Alzheimer's disease develops slowly. At first, there is mild forgetfulness names, important details and the ability to follow directions. But as time progresses, irreversible structural and chemical changes in the brain rob people of their dignity, unable to function or recognize even their closest family members.
It is estimated that 5.1 million Americans are living with this debilitating, life-threatening brain disorder. And it is only expected to get worse as the population ages.
This neurological disorder is only one of many that underscore the complexity of the brain and what happens when it doesn't function properly. The challenge of understanding the mysteries of the mind has prompted scientists and physicians from Rutgers University and its two new medical schools to launch a neuroscience consortium. Working together to gain more information about the mechanisms underlying basic brain function will serve as a strong foundation for better understanding disease processes.
The consortium is the first step in an initiative by Rutgers to establish a teaching, learning, and research environment where resources and knowledge are readily available across all academic and medical disciplines and where neuroscientists are better equipped to compete for dwindling government research dollars.
"This consortium is as important to developing our universitywide neuroscience program as having a travel guide when you are on the highway," says Stephen Jos Hanson, director of the Rutgers University Brain Imaging Center (RUBIC) in Newark. "Not having one would be like being in the middle of a foreign country and not realizing it because you don't have a guide or landmark familiarity that connects you to your surroundings."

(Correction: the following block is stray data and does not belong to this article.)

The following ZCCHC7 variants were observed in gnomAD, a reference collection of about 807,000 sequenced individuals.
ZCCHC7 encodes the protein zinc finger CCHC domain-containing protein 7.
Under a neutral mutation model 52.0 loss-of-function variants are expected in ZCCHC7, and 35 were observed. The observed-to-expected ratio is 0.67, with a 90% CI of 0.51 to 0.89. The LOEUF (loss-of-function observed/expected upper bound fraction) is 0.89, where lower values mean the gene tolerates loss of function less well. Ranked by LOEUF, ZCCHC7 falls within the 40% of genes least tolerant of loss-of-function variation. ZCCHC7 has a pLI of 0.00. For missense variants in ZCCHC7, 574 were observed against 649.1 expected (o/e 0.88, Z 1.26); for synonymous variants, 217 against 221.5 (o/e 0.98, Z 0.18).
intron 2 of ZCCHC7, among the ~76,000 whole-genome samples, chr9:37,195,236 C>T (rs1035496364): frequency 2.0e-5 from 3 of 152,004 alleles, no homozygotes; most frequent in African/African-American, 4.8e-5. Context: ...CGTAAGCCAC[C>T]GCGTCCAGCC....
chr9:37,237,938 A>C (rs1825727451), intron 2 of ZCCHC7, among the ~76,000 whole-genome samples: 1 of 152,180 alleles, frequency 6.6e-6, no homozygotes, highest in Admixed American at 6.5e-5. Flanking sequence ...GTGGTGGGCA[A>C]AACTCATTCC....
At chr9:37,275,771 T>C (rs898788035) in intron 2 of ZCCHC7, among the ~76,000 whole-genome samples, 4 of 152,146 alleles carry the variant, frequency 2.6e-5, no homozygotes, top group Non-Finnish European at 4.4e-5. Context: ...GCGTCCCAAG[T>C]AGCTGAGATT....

Hanson is a leading researcher on memory, learning, and brain function and is among a group of 25 neuroscientists who began meeting in the spring. The neuroscientists came together to discuss the best way to harness the incredible talent once Robert Wood Johnson Medical School in Piscataway and New Jersey Medical School in Newark became part of Rutgers.
The addition of the medical schools was the impetus for getting neuroscientists out of their laboratories and into a room where they could discuss research, resources, funding, brain and nervous system collaborations, and how to best move forward.
Hanson, who helped Rutgers acquire a full-body magnetic resonance imaging scanner that uses a powerful magnet and radio waves to measure blood flow changes to the brain, realized just how important this was after introducing himself at an exploratory gathering of about 40 neuroscientists in December. When he mentioned the brain imaging center, Hanson heard one person immediately ask, "Really, Rutgers has a scanner?"
Neuroscientist Robin L. Davis, acting director of Rutgers' Brain Health Institute on the New Brunswick Campus, has led the charge in creating the neuroscience consortium. She says this comment is a prime example of why change is needed.
"This new consortium will coordinate efforts across Rutgers University and our two new medical schools that will not only establish innovative research collaborations, which are certainly important, but also will have an educational mission to reach out to our internal and external community and let them know just who we are," says Davis, who is also the director of auditory aging research at Rutgers. She studies the auditory neurons that are vulnerable to aging, their loss ultimately leading to hearing disorders and deafness.
There are more than 350 neuroscience researchers working from bench to bedside within the university's departments and institutions and its two medical schools. They are studying human learning and decision making; language development; sensory perception; the impact of traumatic brain injury; and the degree to which disorders such as autism, schizophrenia, and Alzheimer's disease affect memory and behavior. The neuroscience field integrates biology, chemistry, physics, mathematics, psychology, and computer science at the level of basic science with neurology, neuroscience, ophthalmology, and psychiatry on the clinical side.
Christopher J. Molloy, Rutgers' interim chancellor of the new Rutgers Biomedical and Health Sciences, says these neuroscientists are individually involved in critical research to prevent or cure many devastating neurological and psychiatric disorders.